Friday, 14 February 2014

Love in 'The Rice Boy'

Love in The Rice Boy

Disclaimer: love is one of life's great mysteries.

It is also one of the main themes in my children's book, The Rice Boy. Three children who live in a village called Parbatipur in Bangladesh must set out to find  stories which prove that love and friendship are more important than hunger.

Not an easy task, especially when their guide is a magical bird who only knows lots of useless facts.

A mock-up sketch of friends, Protik and Protoyee, for illustration.

The friends have to travel far and wide to find these stories, on the back of a bird, far from home, into the scary mangrove forests of the Bangladeshi Sunderbans. They have to trust their judgement against the odds, and learn to negotiate with tigers, crocodiles, and kingfishers who refuse to be proven wrong. 

One of my favourite stories in the book is the tale of the Seagull Prince, who spots a starfish on a rock one day when he is flying over the Andaman Islands, just beyond the Bay of Bengal. He is starving after flying for days, so dives down to gobble her up, but when he hears her singing, he realizes she is singing to him. He lands softly next to her and asks her if she minds if he listens for a while. She welcomes him and says that would be just fine. He falls in love with her and offers her his heart, which she accepts (who would say no to such a fine pair of seagull legs?).

The Seagull Prince's royal visit to Istanbul, Turkey. 2013.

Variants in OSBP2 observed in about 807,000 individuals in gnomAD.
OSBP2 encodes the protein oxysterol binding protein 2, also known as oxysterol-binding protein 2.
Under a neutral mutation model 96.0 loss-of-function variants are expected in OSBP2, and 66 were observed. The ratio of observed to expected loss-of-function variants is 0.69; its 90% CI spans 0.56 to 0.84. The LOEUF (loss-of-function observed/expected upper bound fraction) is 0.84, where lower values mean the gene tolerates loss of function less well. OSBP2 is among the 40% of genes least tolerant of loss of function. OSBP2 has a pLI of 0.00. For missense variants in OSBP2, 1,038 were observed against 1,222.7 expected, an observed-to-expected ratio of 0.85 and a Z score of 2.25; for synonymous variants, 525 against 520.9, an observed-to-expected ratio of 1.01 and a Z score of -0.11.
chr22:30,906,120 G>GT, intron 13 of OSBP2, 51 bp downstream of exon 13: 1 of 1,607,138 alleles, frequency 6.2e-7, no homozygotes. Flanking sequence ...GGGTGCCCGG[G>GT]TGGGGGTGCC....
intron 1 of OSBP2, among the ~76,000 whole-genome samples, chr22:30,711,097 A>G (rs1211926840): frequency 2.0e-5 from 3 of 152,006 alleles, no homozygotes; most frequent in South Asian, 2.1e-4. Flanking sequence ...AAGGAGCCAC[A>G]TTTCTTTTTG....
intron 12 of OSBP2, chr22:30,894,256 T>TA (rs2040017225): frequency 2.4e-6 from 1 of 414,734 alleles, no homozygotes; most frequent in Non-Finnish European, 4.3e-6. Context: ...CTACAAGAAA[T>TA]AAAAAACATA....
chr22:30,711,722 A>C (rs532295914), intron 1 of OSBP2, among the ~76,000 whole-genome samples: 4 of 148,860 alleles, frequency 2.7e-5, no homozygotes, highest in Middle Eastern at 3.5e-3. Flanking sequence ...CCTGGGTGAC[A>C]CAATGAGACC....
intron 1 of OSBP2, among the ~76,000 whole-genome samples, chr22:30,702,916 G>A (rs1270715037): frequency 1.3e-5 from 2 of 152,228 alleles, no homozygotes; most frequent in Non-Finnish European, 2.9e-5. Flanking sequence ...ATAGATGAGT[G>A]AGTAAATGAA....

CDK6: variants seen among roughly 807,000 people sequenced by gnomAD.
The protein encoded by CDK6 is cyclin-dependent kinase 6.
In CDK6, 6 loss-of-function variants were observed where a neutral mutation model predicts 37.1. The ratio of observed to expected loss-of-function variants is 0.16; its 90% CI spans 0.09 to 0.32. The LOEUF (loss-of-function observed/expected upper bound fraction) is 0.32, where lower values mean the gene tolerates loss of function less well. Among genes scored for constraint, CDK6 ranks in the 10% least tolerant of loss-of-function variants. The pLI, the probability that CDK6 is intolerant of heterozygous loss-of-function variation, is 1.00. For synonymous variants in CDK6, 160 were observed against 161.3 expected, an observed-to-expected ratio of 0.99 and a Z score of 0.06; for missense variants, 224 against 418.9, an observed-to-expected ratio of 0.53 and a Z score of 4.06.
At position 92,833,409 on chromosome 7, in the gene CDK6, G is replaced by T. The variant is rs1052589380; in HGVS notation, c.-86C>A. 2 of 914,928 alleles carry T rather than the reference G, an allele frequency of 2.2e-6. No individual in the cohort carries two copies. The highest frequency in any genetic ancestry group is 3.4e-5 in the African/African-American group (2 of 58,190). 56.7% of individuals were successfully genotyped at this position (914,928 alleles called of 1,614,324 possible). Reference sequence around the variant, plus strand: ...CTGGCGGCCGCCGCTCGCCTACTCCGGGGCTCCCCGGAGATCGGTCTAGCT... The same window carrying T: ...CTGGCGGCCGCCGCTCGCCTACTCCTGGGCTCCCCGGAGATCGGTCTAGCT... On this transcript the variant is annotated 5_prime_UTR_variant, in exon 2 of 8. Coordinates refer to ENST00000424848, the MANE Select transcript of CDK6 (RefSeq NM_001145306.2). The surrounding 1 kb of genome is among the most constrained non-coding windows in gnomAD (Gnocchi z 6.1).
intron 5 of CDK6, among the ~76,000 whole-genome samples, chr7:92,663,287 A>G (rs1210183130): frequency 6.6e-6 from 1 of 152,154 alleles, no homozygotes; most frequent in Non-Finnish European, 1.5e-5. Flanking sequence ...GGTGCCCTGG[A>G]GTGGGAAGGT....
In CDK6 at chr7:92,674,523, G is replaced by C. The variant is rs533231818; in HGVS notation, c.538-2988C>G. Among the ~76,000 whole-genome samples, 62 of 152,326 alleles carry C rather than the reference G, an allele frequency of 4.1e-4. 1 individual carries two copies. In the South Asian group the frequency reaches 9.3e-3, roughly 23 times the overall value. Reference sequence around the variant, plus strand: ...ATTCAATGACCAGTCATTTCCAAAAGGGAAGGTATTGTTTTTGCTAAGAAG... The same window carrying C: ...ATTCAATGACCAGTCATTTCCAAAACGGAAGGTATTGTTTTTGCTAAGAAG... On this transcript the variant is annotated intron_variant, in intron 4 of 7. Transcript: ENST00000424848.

Sadly though, things are rarely straightforward, and when he takes her home, his proud flock do not allow their prince to live with a starfish. They say it is wrong. The Seagull Prince is driven from his kingdom, and instead of accepting exile with his beloved, he almost loses everything - her life and his - by trying to have the best of both worlds. He realizes in the end that he must choose between living by what is right by his flock, and what is right by him and his heart.

And it all works out. 



Though  you'll have to wait for the finished book to hear the starfish's side of the story.

This is how author Jeanette Winterson describes falling in love to kids: 

You don’t fall in love like you fall in a hole. You fall like falling through space. It’s like you jump off your own private planet to visit someone else’s planet. And when you get there it all looks different: the flowers, the animals, the colours people wear. It is a big surprise falling in love because you thought you had everything just right on your own planet, and that was true, in a way, but then somebody signalled to you across space and the only way you could visit was to take a giant jump.

Away you go, falling into someone else’s orbit and after a while you might decide to pull your two planets together and call it home. And you can bring your dog. Or your cat. Your goldfish, hamster, collection of stones, all your odd socks. (The ones you lost, including the holes, are on the new planet you found.)

And you can bring your friends to visit. And read your favourite stories to each other. And the falling was really the big jump that you had to make to be with someone you don’t want to be without.

That's it.

PS You have to be brave.

Wish you love this 2014!

If you're interested, you can read more about The Rice Boy on my Writing page. 

1 comment:

  1. Hey, sounds like an interesting plot. I bet you'd like "A bird and a whale" by Tom Waits.